The average American shells out about $162.29 on Halloween, according to a 2019 survey from the online financial marketplace LendEDU.
Spending on the three major Halloween expenses broke down into $47.06 (27%) for decorations, $55.18 (34%) for candy and $60.05 (37%) for costumes.
Fifty bucks for candy — no big deal. You’re likely to be sharing the wealth with a mob of neighborhood ghosts and goblins.
But 60 bucks is a pretty good chunk of change for something that’s likely to be worn only once.
There’s another way to go that’s easier on the wallet and a lot more fun, said Tina Lepidi Stewart of North Huntingdon, a costume-maker and artistic director for Apple Hill Players.
This year, why not make your own?
“The hardest part is getting the idea of what you want to be, and time is a big factor for a lot of people,” she said. “But it’s so much more fun to use your creativity and make your own.
“I just made a Dracula cape for my husband, and I’m going to make one for my dog,” she said. “Then I’m repurposing a costume from a production, and we’ll all be vampires.”
Quick and easy
Wait a minute, you might be thinking — I’m no costume designer. The good news is that you don’t have to be one.
“There’s always the ghost,” Lepidi Stewart said. “Get a sheet, cut some holes in it and off you go.”
Here are a few other quick and easy costumes she suggests:
• Pumpkin — Drape yourself in orange fabric on which you’ve cut a jagged edge. Top it off with a green felt hat.
• Witch — Top off a black dress and boots with a dollar store witch hat. “You can do this one from your closet easily,” Lepidi Stewart said.
• Bloody bride — “Get a wedding dress from the thrift store and distress it up,” she said. Accent with a little red paint.
• Scarecrow — Put on jeans or overalls and a flannel shirt. Cut the fringe off an old hula skirt to make straw to stuff in the shirt cuffs or under an old trucker cap.
Still not sure you can do it? Here are five more super-simple costume ideas from goodhouse
• Baby from “Dirty Dancing” — Nobody will put you in a corner at the party if you show up in cutoff jeans, tank top and white tennies, especially if you’re carrying a watermelon.
• Bat — Cut an old black umbrella in half and use black safety pins or hot glue to attach it to the arms of a black hoodie. Fasten the hinges of the umbrella pieces with black electrical tape, so the wings open to full bat effect. Finish the hoodie off with black foam ears.
• Instagram filter — Cut the middle out of a sturdy poster board and decorate the bottom with some icons from the IG stories. Use makeup or face paint to turn yourself into your favorite, like the ever-popular dog.
• Men in Black — Perfect for couples or BFFs, and all it takes is a black suit and tie, white shirt and cool shades. Add fedoras and you’re the Blues Brothers.
• Nerd — Tuck your white T-shirt or button-down in your high-water pants, which you’ll hitch up with suspenders. Wrap tape around the middle of some thick-framed glasses. White socks and oxfords complete the look. And don’t forget your calculator.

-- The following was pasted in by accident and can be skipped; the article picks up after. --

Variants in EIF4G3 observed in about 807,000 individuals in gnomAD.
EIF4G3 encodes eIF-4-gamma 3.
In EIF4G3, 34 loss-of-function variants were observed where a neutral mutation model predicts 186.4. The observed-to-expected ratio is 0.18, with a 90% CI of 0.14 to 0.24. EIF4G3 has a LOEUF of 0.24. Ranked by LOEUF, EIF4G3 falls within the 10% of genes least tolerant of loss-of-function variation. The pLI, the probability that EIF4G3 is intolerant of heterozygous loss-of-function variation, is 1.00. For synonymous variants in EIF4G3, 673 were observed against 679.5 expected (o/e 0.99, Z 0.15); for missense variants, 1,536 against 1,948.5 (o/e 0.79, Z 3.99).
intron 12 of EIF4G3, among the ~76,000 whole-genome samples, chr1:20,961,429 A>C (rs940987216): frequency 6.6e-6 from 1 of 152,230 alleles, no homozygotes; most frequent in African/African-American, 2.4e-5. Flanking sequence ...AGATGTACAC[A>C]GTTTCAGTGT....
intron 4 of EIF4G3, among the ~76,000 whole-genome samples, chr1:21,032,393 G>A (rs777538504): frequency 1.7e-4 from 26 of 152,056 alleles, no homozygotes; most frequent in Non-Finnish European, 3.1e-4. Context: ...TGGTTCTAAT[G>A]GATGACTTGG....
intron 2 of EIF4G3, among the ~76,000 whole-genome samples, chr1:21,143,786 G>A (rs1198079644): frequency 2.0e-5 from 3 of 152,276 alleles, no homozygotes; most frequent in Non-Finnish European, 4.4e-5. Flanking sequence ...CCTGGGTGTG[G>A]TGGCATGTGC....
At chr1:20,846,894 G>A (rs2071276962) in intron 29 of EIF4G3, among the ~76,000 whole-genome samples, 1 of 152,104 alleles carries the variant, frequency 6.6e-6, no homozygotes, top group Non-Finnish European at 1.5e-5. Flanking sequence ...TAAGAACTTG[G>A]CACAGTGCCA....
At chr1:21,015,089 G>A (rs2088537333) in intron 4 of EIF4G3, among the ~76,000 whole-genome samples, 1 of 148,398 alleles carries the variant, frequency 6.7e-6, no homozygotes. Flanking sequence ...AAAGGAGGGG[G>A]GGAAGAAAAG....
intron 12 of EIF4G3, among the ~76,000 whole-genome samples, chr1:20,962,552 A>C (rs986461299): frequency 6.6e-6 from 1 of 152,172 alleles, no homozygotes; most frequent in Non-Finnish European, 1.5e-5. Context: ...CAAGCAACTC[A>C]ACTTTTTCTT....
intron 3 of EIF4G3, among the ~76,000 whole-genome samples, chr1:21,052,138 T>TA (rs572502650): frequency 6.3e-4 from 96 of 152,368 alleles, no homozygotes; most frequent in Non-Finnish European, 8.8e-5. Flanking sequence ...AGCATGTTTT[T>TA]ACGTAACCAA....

Still feeling stumped? Here’s some advice from Halloween fan and inveterate costume designer/builder Mary Ellen Raneri of Latrobe. Every year, she comes up with a new costume theme for herself and her husband, Phil Raneri, who helps with the construction when needed.
Granted, Raneri has the advantage of being an award-winning visual artist. But if you break the task down into a few simple steps, she says, you too can be the talk of the party or the neighborhood on Halloween night.
“Your own ideas are so much better than just buying an outfit. Why? Because it’s your idea,” she said. “It’s not a cookie-cutter costume that 100 other people at the party might have.”
The first order of business is to brainstorm for ideas. Raneri said she likes to go with “something almost everyone would recognize, but yet something not overused.”
Narrow down your list by thinking about cost, both in terms of money and time.
“You need a timeline,” she said. “Do you have enough time to do what you want to do?”
Once you’ve settled on a costume, Raneri recommends buying as little as possible. See what materials you have at home or can borrow what you can. Hit up thrift shops instead of the big box or pop-up Halloween store.
“I made the Billy Butcherson outfit (from the 1993 movie, “Hocus Pocus”) out of an old suit and discarded remnants that I bleached, dyed and stained,” she said. “Then I ran it over with the truck a few times to get it really weathered.”
“Duct tape and chicken wire are your friends,” she said, if you really want to test your construction skills. “I swear I could build a house out of duct tape and chicken wire.”
Outside the box
Raneri also advises thinking outside the box — although one year, she actually did put Phil inside of a box when they made Zoltar’s fortune-telling booth from the Tom Hanks movie, “Big.”
Which leads to another of her favorite props — wheels.
“Honestly, some of the most successful costumes I had involved wheels,” she said. “You can use coaster wheels or a
movable dress rack. I used wheels on the Zoltar box, so my husband could whirl around and dance while he was in it.
“I used a moveable dress rack to make a shower scene for ‘Psycho.’ I put wheels on a fake coffin so Billy Butcherson could pull it,” she added.
Which leads to her last and most important tip: “Don’t be afraid to really dig in,” she said. “I remember someone I was helping that wouldn’t use red lipstick, because she thought she would look weird. Halloween is when weird is cool.
“Don’t worry about other people, just be your spooky self. If you want to be pretty, there is always the prom.”